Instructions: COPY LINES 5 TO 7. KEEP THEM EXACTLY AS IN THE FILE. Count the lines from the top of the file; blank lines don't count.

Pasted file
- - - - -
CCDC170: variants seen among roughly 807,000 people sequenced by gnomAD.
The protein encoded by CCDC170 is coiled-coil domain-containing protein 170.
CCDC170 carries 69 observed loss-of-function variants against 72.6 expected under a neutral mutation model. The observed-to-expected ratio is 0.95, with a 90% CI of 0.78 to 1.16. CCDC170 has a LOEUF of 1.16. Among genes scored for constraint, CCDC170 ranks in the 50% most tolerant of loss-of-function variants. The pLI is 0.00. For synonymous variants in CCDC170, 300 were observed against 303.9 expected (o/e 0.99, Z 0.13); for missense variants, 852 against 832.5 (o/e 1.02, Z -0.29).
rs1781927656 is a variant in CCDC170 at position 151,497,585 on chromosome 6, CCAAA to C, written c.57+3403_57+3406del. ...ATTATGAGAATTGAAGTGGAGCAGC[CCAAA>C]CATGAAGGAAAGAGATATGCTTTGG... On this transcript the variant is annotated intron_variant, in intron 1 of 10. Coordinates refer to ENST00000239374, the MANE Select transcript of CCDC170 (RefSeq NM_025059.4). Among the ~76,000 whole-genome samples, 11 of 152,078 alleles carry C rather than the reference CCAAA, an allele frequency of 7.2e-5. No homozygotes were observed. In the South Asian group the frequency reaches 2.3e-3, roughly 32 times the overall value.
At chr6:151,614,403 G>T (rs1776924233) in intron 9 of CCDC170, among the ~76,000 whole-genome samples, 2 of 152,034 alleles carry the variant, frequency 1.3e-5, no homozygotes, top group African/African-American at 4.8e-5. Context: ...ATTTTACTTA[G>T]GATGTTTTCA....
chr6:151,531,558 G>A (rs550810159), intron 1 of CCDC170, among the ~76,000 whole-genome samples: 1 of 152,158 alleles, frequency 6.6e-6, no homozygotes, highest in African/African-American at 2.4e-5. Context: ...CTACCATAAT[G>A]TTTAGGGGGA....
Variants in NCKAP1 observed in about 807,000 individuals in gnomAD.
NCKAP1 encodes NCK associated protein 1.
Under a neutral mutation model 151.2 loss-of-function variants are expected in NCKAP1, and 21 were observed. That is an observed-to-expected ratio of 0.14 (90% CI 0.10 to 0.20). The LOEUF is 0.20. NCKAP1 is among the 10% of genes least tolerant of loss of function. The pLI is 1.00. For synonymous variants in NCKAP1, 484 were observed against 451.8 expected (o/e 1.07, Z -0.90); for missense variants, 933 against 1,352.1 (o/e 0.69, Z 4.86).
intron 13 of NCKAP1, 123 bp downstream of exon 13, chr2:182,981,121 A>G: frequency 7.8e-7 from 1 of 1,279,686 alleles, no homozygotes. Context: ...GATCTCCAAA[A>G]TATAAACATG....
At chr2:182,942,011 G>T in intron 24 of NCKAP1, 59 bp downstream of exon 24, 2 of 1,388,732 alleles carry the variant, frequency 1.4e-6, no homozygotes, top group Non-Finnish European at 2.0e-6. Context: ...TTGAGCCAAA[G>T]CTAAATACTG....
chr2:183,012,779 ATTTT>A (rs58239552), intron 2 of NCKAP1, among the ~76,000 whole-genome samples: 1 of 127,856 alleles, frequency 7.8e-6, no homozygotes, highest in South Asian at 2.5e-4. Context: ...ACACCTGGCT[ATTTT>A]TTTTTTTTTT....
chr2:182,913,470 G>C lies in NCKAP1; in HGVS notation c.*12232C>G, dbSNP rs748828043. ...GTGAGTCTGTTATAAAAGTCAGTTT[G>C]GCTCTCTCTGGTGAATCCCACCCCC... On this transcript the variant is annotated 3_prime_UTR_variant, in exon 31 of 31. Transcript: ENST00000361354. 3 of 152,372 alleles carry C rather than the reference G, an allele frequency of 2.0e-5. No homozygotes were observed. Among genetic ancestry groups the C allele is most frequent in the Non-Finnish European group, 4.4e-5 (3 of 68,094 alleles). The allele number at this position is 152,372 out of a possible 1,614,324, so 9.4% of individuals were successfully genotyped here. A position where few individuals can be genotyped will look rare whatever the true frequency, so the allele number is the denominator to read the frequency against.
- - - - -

At chr6:151,614,403 G>T (rs1776924233) in intron 9 of CCDC170, among the ~76,000 whole-genome samples, 2 of 152,034 alleles carry the variant, frequency 1.3e-5, no homozygotes, top group African/African-American at 4.8e-5. Context: ...ATTTTACTTA[G>T]GATGTTTTCA....
chr6:151,531,558 G>A (rs550810159), intron 1 of CCDC170, among the ~76,000 whole-genome samples: 1 of 152,158 alleles, frequency 6.6e-6, no homozygotes, highest in African/African-American at 2.4e-5. Context: ...CTACCATAAT[G>A]TTTAGGGGGA....
Variants in NCKAP1 observed in about 807,000 individuals in gnomAD.